- 4518679 Skype meeting disconnection due to missing session refresh in Skype for Business Server 2015
Note The fix for the following issue is reverted and it is not included in this cumulative update.
- KB 4507230 Support LBR and branch site voice resiliency conflicting requirements in Skype for Business Server 2015
Nothing noted. No cmdlets have been added to the SfB module in this update.
Continue reading ‘SfB 2015 Server Update – August 2019’ »
My colleagues and I recently encountered an intermittent problem with the CSCP reporting “Authorization Failed” when you tried to sign in.
This was a Skype for Business 2015 Enterprise Edition pool, and so it didn’t take long to localise the issue to just one Front-End server.
Each failed attempt dropped an instance of event 35009 into the “Lync Server” log:
Remote PowerShell cannot create InitialSessionState for user S-1-5-20. Cause of failure: Cannot find user in Active Directory with the following SAM account name: "S-1-5-20"
That SID belongs to the NT Authority / Network Service – and when we succeed on another machine, we see the traces* correctly trying to sign in as the SID of my admin account.
(* The reference to PowerShell in the log gave us cause to review the Centralised Logging for the “PowershellWebService” scenario, but it didn’t seem to add a great deal of value.)
A successful sign-in also drops the more friendly 35008 into the log:
Continue reading ‘Cscp logs Event 35009 – “Authorization Failed”’ »
I’m a little late to get my mitts on an EagleEye Mini USB camera, but circumstances recently gave me cause to take a closer look.
If you’ve not encountered it before, the Mini is a compact 1920×1080 HD USB camera, initially designed to slot into the top USB port on your VVX501 or 601, but nowadays also supported on a Trio with Visual+, and even on a PC or Mac.
Poly’s website reports its features thus:
- High-definition 1080p60 capture with true color hue saturation and brightness for the most accurate color rendition and life-like images
- 4x electronic zoom and a 74-degree field of view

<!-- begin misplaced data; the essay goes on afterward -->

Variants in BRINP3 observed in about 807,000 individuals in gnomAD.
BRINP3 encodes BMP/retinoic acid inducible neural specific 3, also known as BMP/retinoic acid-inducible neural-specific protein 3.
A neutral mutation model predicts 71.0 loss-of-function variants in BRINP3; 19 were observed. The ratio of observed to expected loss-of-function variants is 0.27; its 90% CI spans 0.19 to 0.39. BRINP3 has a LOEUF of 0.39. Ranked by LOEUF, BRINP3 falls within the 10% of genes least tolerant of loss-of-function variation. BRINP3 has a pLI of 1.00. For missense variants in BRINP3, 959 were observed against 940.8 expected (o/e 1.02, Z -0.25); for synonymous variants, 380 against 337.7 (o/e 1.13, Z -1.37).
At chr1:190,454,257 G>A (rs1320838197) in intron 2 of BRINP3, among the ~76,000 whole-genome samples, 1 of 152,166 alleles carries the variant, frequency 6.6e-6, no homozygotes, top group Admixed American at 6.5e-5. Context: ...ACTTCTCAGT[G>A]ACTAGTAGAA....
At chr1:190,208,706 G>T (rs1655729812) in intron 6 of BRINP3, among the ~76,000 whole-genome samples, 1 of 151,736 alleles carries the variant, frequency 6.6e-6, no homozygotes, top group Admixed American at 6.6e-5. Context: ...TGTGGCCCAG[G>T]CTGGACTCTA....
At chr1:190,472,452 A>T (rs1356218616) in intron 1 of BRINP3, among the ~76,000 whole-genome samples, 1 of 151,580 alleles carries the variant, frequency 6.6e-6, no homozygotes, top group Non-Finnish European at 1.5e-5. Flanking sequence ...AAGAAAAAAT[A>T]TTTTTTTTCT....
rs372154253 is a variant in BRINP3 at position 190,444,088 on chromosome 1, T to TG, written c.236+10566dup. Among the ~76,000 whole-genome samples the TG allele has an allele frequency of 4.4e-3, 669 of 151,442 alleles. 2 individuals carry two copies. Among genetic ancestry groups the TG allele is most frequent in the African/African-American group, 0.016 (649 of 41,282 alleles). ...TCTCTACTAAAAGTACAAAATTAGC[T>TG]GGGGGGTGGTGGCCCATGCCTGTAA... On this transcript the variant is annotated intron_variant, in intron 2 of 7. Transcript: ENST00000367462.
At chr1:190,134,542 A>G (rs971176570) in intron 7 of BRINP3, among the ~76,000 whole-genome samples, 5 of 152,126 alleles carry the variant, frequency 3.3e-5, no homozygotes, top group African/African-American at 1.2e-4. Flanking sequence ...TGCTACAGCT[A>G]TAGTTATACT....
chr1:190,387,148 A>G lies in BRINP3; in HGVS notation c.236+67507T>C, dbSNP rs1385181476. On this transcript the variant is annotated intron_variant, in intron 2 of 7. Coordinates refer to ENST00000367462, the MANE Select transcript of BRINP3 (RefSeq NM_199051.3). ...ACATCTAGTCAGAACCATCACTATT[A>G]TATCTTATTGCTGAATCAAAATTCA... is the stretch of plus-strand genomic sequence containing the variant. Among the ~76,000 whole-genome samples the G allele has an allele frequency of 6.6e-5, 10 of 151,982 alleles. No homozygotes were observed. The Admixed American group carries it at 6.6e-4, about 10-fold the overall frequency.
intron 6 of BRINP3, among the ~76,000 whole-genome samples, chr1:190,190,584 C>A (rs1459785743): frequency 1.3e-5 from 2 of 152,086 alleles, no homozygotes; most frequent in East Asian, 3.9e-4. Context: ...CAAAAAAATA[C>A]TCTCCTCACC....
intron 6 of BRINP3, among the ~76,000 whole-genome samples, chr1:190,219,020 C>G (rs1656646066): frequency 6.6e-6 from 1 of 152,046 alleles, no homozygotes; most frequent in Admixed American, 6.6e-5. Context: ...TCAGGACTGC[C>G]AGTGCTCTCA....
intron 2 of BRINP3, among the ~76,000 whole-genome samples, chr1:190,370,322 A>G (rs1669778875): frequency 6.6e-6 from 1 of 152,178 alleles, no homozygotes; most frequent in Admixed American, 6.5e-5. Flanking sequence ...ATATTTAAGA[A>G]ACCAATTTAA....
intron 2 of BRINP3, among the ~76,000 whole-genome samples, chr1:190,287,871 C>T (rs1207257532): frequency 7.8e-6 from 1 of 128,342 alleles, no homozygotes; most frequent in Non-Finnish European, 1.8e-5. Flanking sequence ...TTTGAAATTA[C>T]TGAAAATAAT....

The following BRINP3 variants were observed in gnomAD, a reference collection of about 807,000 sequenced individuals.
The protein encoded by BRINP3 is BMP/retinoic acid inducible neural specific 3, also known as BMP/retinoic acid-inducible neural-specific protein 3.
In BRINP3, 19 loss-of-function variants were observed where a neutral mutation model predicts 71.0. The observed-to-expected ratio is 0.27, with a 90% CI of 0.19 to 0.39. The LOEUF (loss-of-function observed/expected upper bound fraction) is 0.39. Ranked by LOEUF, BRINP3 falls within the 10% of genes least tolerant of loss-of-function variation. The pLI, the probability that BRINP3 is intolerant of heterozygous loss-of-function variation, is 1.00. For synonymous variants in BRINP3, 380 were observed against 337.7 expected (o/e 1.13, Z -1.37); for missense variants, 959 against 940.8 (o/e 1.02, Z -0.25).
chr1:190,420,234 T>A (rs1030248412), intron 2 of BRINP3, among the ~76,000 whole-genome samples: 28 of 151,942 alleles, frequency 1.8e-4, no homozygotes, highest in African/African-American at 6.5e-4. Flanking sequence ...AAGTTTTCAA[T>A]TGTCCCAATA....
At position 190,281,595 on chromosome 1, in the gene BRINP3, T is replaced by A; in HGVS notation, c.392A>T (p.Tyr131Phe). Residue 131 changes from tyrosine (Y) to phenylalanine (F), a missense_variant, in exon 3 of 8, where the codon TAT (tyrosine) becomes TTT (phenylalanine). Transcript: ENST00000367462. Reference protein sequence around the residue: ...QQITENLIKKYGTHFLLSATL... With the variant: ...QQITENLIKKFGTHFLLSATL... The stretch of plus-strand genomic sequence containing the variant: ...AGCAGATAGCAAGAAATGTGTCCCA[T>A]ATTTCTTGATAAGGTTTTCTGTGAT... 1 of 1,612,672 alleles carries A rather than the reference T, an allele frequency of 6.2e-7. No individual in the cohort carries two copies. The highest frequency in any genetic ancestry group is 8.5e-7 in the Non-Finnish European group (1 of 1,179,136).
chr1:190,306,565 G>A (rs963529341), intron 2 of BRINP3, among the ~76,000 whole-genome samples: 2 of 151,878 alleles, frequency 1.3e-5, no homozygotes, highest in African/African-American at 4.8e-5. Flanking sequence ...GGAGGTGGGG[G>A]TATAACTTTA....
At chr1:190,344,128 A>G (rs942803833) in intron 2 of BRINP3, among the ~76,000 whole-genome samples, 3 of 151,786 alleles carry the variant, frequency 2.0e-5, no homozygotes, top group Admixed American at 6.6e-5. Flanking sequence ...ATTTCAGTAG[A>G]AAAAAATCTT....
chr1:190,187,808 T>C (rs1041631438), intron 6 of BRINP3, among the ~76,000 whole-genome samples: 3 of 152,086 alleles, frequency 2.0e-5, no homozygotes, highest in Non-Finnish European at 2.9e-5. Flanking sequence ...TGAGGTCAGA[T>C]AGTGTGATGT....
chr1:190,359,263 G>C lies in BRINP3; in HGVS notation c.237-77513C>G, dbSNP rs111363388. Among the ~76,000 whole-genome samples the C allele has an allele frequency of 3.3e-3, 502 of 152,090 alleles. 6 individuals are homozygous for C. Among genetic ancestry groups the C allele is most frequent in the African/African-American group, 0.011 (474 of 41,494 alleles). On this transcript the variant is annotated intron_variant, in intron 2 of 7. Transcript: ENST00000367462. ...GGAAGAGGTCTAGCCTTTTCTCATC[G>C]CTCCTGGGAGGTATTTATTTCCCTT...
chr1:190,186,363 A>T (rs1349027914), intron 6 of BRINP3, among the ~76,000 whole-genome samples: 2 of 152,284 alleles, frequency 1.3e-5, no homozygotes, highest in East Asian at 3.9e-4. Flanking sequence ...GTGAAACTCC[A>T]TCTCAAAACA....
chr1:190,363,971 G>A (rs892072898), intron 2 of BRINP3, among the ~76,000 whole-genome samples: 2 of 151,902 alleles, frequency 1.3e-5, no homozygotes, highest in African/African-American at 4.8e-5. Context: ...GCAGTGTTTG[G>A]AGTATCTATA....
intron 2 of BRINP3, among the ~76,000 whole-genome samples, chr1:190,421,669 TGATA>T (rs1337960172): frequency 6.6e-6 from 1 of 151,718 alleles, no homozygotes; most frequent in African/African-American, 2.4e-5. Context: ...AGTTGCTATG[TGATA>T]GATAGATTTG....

- Simulcast video stream
- Installs in seconds – no drivers needed
It’s officially a supported peripheral for Skype for Business video calls on a computer or video conferencing device.
Continue reading ‘Review: Poly EagleEye Mini USB camera’ »
I have the occasional need to send log files to Microsoft and other vendors from customers who have strict IT security requirements. These customers usually require all files be de-identified before they leave the premises, removing all host names and IP addresses.
This can be quite a tedious process, so I’ve created a small script file that edits a provided text file and:
- uses a “find/replace” CSV file to replace all instances of sensitive text with replacement values.
- obfuscates any unchanged IP addresses, replacing them with dummy text in the format “aa.bb.cc.nn”, where the “nn” is the same number where-ever that IP address is encountered in the document. (e.g. the third IP address that’s found in the file will be renamed “aa.bb.cc.3”).
At a minimum, you only need to provide an -InputFile. With only this, the script will replace all IP addresses with dummy values, then save a copy of the file with a “-new” suffix.
Continue reading ‘New-ObfuscatedFile.ps1’ »
I’ve been following one of Tom Morgan’s excellent tutorials on creating Bots for Microsoft Teams, and I hit an unexpected hurdle very early on in the process – but as it turns out, the fix was a simple one.
Resource provider 'Microsoft.BotService' not registered for the subscription
Fair enough, I say. Let’s register.
I navigated to All Services then searched for and selected Subscriptions, then selected my Subscription and Resource Providers. There were a lot there, so I filtered for microsoft.bot, only to be greeted by the news that I *was* already registered:
Seeing as I was already here and there was an option to Unregister, I went down that path. Refresh, wait a bit, Register and BOOM, I was back on the air.
The moral of the story? Even in the cloud, turning something off and back on again remains a viable fix.
9th August 2019: This is the initial publication.